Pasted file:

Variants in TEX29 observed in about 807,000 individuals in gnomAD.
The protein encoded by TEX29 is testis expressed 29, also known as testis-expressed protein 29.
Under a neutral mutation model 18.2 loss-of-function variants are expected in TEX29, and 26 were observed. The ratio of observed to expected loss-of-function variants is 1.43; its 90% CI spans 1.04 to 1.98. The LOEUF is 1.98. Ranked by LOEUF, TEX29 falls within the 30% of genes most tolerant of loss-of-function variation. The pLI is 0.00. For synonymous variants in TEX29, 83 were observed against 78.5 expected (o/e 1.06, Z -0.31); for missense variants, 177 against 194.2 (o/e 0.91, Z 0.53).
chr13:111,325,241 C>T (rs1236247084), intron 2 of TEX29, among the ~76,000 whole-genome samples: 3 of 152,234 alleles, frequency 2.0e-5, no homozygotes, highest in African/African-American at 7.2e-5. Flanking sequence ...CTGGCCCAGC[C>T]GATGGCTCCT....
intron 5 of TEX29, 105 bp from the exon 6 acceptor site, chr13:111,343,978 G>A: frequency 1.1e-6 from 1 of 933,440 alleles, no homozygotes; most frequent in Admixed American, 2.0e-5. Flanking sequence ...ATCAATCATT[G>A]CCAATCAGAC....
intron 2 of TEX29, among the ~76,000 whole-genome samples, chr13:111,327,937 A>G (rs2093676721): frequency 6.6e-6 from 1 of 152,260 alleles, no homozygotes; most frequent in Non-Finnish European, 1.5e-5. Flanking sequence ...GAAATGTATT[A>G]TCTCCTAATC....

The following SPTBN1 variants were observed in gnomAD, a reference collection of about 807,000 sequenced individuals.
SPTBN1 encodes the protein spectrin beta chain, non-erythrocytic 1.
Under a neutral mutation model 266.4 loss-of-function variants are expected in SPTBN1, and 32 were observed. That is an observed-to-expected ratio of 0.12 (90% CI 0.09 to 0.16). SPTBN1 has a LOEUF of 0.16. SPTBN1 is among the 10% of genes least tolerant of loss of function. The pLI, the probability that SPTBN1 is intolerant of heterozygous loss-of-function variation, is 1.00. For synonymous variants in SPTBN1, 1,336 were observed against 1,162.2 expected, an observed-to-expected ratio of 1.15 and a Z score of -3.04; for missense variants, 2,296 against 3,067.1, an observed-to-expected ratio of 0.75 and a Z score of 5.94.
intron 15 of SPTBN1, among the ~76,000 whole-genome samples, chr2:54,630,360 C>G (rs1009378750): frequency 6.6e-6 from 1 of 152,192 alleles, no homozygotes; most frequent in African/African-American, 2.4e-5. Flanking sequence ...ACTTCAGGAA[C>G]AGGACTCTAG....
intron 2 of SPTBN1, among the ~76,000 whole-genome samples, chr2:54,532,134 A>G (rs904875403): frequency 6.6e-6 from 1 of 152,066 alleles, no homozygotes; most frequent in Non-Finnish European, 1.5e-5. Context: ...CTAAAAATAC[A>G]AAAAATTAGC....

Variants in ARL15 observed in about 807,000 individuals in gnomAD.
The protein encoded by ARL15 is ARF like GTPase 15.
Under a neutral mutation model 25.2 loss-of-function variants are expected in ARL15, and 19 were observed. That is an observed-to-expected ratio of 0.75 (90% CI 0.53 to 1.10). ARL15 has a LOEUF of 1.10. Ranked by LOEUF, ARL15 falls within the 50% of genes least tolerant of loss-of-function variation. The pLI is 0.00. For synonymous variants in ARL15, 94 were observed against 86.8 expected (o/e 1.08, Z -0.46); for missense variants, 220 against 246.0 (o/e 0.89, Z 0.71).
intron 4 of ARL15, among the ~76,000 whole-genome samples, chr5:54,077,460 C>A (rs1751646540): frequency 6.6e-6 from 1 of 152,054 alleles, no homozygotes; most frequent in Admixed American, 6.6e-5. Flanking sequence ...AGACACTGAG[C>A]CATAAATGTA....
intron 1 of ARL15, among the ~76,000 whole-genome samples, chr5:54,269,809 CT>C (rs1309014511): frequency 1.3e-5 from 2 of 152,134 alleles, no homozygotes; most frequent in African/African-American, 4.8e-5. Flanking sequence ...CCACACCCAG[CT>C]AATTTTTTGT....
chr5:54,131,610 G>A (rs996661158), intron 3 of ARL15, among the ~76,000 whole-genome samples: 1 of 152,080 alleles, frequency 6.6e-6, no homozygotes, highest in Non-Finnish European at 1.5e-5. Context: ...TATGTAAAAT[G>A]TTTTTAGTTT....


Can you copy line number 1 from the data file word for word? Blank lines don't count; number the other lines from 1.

Variants in TEX29 observed in about 807,000 individuals in gnomAD.